Billy Collins

  • May. 21st, 2013 at 9:51 PM
beth_shulman: (stock: open book rose)
I Go Back To The House For A Book

I turn around on the gravel and go back to the house for a book, something to read at the doctor's office, and while I am inside, running the finger of inquisition along a shelf, another me that did not bother to go back to the house for a book heads out on his own, rolls down the driveway, and swings left toward town, a ghost in his ghost car, another knot in the string of time, a good three minutes ahead of me — a spacing that will now continue for the rest of my life.

Billy Collins

  • Mar. 30th, 2013 at 11:22 PM
beth_shulman: (stock: open book rose)
You, Reader

I wonder how you are going to feel
when you find out
that I wrote this instead of you,

that it was I who got up early
to sit in the kitchen
and mention with a pen

the rain-soaked windows,
the ivy wall paper,
and the goldfish circling in its bowl.

Go ahead and turn aside,
bite your lip and tear out the page,
but, listen--it was just a matter of time

before one of us happened
to notice the unlit candles
and the clock humming on the wall.

Plus, nothing happened that morning--
a song on the radio,
a car whistling along the road outside--

and I was only thinking
about the shakers of salt and pepper
that were standing side by side on a place mat.

I wondered if they had become friends
after all these years
or if they were still strangers to one another

like you and I
who manage to be known and unknown
to each other at the same time--

me at this table with a bowl of pears,
you leaning in a doorway somewhere
near some blue hydrangeas, reading this.

Billy Collins

  • Oct. 14th, 2012 at 7:55 PM
beth_shulman: (Default)
Introduction To Poetry

I ask them to take a poem
and hold it up to the light
like a color slide

or press an ear against its hive.

I say drop a mouse into a poem
and watch him probe his way out,

or walk inside the poem's room
and feel the walls for a light switch.

I want them to waterski
across the surface of a poem
waving at the author's name on the shore.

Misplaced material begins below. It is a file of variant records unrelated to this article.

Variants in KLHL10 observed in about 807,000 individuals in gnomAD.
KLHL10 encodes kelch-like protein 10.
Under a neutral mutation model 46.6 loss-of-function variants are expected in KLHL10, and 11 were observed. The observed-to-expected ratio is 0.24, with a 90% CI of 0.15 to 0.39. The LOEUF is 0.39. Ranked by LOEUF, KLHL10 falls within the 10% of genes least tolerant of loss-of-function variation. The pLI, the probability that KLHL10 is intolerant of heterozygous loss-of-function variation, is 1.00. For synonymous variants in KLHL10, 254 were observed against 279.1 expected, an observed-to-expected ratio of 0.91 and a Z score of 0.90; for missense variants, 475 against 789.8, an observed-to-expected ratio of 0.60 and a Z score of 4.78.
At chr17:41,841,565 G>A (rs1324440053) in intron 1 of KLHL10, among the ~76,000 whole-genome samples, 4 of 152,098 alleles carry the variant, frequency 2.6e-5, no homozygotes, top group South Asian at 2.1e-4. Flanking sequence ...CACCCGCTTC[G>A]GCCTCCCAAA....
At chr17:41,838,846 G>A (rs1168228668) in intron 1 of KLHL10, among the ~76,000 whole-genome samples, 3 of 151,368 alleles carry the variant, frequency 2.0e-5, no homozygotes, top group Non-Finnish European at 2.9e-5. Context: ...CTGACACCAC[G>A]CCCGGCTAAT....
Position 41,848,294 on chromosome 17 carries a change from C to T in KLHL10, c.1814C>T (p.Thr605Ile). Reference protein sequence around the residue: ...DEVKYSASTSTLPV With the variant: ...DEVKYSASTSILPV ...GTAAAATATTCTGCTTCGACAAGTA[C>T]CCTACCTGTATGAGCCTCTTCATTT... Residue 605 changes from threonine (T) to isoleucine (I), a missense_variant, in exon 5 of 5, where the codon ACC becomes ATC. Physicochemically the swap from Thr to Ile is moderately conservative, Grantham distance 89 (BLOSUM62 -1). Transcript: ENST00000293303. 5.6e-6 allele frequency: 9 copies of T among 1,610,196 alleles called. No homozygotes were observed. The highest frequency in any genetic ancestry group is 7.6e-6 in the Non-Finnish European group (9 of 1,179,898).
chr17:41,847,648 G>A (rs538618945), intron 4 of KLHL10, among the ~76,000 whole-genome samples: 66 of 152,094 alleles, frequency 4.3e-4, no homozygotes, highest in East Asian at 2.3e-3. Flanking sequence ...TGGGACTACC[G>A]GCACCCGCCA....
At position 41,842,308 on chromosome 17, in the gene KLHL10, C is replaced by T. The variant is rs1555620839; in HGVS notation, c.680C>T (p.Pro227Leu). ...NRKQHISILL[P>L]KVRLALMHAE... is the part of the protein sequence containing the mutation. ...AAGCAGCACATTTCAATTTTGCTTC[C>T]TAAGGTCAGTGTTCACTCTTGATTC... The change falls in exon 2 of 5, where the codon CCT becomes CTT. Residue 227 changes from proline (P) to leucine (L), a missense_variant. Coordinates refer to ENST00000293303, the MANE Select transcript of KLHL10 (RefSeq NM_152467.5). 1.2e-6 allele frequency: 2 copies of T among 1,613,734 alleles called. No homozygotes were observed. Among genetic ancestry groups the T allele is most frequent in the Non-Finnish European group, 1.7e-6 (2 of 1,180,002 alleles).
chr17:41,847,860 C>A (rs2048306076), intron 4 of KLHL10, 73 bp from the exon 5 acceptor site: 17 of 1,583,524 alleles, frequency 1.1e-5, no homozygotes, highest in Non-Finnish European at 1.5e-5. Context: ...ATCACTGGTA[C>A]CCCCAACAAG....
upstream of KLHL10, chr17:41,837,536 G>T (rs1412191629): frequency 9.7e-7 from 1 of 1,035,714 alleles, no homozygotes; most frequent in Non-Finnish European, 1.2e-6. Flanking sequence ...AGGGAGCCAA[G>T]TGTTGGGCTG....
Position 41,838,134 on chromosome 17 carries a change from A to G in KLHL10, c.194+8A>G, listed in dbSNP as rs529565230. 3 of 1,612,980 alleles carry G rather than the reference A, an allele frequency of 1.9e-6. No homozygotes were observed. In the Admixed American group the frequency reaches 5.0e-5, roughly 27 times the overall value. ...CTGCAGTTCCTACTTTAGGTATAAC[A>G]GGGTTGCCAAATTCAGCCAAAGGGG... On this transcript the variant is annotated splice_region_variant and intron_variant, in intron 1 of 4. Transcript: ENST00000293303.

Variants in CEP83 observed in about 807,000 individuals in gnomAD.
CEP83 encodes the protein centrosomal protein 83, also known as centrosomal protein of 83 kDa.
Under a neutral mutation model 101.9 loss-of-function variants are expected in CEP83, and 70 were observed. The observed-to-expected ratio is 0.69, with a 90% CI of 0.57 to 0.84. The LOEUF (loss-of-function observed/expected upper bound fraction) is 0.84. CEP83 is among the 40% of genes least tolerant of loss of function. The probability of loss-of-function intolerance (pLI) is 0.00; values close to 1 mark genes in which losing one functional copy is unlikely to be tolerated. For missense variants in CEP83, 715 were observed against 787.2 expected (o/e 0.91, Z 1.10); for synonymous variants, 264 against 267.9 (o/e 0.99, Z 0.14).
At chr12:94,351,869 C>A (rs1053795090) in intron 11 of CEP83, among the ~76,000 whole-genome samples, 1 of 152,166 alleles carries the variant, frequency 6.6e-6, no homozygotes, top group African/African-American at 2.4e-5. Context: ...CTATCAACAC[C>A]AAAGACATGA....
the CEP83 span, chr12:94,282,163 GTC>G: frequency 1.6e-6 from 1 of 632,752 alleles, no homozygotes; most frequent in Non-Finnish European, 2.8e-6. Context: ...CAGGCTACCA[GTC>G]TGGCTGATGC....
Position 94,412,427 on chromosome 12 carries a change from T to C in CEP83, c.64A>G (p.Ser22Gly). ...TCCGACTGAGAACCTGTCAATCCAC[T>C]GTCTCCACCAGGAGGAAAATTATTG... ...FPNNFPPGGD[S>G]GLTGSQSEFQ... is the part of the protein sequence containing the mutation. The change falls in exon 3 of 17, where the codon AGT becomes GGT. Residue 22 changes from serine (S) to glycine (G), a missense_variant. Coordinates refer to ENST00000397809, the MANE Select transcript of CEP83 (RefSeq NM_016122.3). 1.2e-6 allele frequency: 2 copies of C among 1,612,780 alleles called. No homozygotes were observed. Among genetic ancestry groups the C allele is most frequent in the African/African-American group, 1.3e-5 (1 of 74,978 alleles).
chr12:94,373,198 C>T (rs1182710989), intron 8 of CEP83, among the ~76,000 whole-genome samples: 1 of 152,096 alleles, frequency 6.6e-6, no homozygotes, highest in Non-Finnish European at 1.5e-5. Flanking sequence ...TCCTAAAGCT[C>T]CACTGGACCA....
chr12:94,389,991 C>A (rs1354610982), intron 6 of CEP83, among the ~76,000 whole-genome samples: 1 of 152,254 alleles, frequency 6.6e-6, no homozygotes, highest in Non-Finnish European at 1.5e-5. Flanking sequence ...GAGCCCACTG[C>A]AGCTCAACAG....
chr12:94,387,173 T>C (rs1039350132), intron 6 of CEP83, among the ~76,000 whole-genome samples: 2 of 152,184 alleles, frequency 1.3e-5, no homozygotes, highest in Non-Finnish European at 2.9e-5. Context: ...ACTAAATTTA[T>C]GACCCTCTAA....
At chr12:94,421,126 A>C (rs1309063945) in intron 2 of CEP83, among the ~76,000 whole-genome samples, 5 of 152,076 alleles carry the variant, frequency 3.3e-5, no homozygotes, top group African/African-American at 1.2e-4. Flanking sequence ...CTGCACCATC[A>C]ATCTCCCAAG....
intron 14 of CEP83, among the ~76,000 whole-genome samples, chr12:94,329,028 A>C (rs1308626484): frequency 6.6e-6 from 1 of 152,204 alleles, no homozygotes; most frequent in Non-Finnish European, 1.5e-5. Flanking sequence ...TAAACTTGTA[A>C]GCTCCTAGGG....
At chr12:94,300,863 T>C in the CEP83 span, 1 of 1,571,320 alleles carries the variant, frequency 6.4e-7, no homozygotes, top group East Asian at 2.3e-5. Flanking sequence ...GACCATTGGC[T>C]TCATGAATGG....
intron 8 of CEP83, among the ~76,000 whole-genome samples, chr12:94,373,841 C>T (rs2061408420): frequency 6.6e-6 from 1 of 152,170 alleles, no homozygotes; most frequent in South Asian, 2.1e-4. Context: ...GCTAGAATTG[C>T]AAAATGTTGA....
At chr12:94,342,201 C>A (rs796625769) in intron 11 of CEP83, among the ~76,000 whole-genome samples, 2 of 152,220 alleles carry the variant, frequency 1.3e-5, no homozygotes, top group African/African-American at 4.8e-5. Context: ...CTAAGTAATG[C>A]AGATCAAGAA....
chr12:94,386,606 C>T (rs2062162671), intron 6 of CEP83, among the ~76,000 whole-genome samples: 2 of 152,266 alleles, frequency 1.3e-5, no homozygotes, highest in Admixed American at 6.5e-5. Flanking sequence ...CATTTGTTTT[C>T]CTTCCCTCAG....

But all they want to do
is tie the poem to a chair with rope
and torture a confession out of it.

They begin beating it with a hose
to find out what it really means.

Billy Collins

  • Sep. 28th, 2012 at 12:02 AM
beth_shulman: (Default)
On Turning Ten

The whole idea of it makes me feel
like I'm coming down with something,
something worse than any stomach ache
or the headaches I get from reading in bad light -
a kind of measles of the spirit,
a mumps of the psyche,
a disfiguring chicken pox of the soul.

You tell me it is too early to be looking back,
but that is because you have forgotten
the perfect simplicity of being one
and the beautiful complexity introduced by two.
But I can lie on my bed and remember every digit.
At four I was an Arabian wizard.
I could make myself invisible
by drinking a glass of milk a certain way.
At seven I was a soldier, at nine a prince.

But now I am mostly at the window
watching the late afternoon light.
Back then it never fell so solemnly
against the side of my tree house,
and my bicycle never leaned against the garage
as it does today,
all the dark blue speed drained out of it.

This is the beginning of sadness, I say to myself,
as I walk through the universe in my sneakers.
It is time to say good-bye to my imaginary friends,
time to turn the first big number.

It seems only yesterday I used to believe
there was nothing under my skin but light.
If you cut me I could shine.
But now when I fall upon the sidewalks of life,
I skin my knees. I bleed.

Billy Collins

  • May. 17th, 2012 at 11:42 PM
beth_shulman: (stock: black and white tree scene)

Forgetfulness

The name of the author is the first to go
followed obediently by the title, the plot,
the heartbreaking conclusion, the entire novel
which suddenly becomes one you have never read,
never even heard of,

as if, one by one, the memories you used to harbor
decided to retire to the southern hemisphere of the brain,
to a little fishing village where there are no phones.

Long ago you kissed the names of the nine Muses goodbye
and watched the quadratic equation pack its bag,
and even now as you memorize the order of the planets,

something else is slipping away, a state flower perhaps,
the address of an uncle, the capital of Paraguay.

Whatever it is you are struggling to remember,
it is not poised on the tip of your tongue,
not even lurking in some obscure corner of your spleen.

It has floated away down a dark mythological river
whose name begins with an L as far as you can recall,
well on your own way to oblivion where you will join those
who have even forgotten how to swim and how to ride a bicycle.

No wonder you rise in the middle of the night
to look up the date of a famous battle in a book on war.
No wonder the moon in the window seems to have drifted
out of a love poem that you used to know by heart.

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